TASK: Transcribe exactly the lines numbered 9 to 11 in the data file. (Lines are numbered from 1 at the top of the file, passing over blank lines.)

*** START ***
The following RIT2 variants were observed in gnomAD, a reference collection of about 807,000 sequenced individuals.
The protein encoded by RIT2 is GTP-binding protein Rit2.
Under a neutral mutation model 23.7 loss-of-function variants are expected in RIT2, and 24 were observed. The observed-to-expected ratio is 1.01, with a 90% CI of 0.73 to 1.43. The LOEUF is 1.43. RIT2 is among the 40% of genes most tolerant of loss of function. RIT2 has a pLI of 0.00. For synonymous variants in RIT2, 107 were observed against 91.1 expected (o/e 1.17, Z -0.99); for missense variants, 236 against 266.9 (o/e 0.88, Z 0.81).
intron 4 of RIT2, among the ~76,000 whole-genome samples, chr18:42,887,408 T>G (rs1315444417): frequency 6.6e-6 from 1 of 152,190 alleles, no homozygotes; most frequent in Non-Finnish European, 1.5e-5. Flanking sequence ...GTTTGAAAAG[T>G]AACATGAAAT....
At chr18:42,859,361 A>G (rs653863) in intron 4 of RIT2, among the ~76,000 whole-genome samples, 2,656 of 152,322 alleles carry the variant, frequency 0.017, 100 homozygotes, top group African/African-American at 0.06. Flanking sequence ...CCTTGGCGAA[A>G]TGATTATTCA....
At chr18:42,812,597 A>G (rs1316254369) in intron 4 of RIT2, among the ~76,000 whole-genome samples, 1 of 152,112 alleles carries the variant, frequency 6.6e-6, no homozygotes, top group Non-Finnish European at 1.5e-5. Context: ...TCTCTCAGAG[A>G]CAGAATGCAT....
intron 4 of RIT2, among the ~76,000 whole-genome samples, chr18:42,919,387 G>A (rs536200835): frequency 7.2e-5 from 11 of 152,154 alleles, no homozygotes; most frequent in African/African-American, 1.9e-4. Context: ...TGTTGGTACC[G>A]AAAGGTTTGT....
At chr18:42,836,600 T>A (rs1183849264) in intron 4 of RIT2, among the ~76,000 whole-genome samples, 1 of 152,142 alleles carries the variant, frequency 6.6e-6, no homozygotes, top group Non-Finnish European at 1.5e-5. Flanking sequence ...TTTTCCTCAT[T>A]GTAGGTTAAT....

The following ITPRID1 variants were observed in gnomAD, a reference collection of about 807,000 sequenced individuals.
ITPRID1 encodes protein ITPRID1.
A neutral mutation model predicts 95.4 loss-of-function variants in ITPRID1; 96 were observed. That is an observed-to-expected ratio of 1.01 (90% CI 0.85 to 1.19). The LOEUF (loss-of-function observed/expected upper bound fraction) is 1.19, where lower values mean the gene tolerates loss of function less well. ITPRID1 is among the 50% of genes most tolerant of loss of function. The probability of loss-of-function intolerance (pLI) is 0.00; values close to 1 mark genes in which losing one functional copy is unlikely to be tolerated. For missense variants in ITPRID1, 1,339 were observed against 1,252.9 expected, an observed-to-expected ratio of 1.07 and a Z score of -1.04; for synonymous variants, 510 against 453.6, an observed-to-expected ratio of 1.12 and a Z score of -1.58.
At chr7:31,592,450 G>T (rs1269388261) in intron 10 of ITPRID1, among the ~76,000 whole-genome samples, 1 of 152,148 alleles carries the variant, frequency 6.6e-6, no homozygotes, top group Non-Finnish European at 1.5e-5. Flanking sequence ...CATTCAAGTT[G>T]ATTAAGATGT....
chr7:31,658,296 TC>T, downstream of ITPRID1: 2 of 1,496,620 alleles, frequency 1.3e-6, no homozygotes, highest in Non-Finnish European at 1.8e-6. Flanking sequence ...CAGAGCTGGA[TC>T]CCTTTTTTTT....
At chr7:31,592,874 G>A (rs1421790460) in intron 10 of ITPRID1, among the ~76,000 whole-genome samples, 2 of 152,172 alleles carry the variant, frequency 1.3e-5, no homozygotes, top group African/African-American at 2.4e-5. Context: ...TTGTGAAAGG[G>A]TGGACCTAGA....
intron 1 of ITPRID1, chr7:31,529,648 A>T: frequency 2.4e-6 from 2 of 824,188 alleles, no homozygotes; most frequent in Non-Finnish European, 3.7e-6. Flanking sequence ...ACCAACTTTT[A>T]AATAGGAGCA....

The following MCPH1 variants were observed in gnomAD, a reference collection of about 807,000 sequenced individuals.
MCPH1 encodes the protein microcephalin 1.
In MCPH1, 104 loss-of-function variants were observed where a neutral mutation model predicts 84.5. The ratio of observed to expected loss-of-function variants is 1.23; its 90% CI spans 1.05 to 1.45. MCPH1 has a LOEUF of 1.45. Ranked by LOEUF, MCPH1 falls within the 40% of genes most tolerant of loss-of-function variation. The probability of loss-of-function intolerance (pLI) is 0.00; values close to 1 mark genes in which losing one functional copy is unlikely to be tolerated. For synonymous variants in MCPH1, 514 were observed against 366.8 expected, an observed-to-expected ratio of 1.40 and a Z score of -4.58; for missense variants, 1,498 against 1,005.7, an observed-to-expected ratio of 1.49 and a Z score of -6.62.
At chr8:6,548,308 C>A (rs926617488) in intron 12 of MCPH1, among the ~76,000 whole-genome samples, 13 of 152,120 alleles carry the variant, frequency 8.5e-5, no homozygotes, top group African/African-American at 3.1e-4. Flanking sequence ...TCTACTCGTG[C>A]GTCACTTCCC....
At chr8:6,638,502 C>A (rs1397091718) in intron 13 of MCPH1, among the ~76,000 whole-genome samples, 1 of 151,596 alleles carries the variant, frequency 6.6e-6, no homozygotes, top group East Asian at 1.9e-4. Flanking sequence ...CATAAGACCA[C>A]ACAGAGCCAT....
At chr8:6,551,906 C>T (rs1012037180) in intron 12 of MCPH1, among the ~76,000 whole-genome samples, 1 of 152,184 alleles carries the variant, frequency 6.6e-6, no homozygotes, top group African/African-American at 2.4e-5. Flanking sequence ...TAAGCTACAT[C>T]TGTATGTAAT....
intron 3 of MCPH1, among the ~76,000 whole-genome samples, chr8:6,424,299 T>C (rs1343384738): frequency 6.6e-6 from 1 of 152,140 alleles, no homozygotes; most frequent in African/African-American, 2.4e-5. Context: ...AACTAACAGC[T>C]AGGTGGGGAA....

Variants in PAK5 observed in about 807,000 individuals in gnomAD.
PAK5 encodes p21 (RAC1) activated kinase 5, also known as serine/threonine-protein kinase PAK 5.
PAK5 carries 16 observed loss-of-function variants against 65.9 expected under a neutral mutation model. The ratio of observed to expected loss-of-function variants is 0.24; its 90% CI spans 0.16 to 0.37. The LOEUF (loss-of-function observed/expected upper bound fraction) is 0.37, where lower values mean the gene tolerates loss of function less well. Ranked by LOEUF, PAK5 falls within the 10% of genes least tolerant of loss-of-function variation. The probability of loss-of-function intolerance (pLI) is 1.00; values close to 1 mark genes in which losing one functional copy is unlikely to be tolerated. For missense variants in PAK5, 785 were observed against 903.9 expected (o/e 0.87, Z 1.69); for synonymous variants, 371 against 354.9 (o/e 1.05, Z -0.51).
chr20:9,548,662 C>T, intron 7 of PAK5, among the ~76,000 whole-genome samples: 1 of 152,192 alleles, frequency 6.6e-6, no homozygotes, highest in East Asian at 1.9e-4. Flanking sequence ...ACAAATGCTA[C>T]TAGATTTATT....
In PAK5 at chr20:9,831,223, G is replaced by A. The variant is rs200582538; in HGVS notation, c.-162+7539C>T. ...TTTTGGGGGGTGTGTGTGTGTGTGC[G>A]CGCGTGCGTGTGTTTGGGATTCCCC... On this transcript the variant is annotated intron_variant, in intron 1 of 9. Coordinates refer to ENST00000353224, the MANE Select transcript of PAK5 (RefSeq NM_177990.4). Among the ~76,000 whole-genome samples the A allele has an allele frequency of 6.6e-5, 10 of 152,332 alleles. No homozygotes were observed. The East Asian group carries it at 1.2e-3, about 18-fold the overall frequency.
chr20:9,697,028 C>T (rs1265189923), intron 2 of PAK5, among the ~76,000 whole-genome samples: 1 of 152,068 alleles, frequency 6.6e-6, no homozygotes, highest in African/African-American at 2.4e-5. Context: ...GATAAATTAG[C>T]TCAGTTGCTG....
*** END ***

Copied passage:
The following ITPRID1 variants were observed in gnomAD, a reference collection of about 807,000 sequenced individuals.
ITPRID1 encodes protein ITPRID1.
A neutral mutation model predicts 95.4 loss-of-function variants in ITPRID1; 96 were observed. That is an observed-to-expected ratio of 1.01 (90% CI 0.85 to 1.19). The LOEUF (loss-of-function observed/expected upper bound fraction) is 1.19, where lower values mean the gene tolerates loss of function less well. ITPRID1 is among the 50% of genes most tolerant of loss of function. The probability of loss-of-function intolerance (pLI) is 0.00; values close to 1 mark genes in which losing one functional copy is unlikely to be tolerated. For missense variants in ITPRID1, 1,339 were observed against 1,252.9 expected, an observed-to-expected ratio of 1.07 and a Z score of -1.04; for synonymous variants, 510 against 453.6, an observed-to-expected ratio of 1.12 and a Z score of -1.58.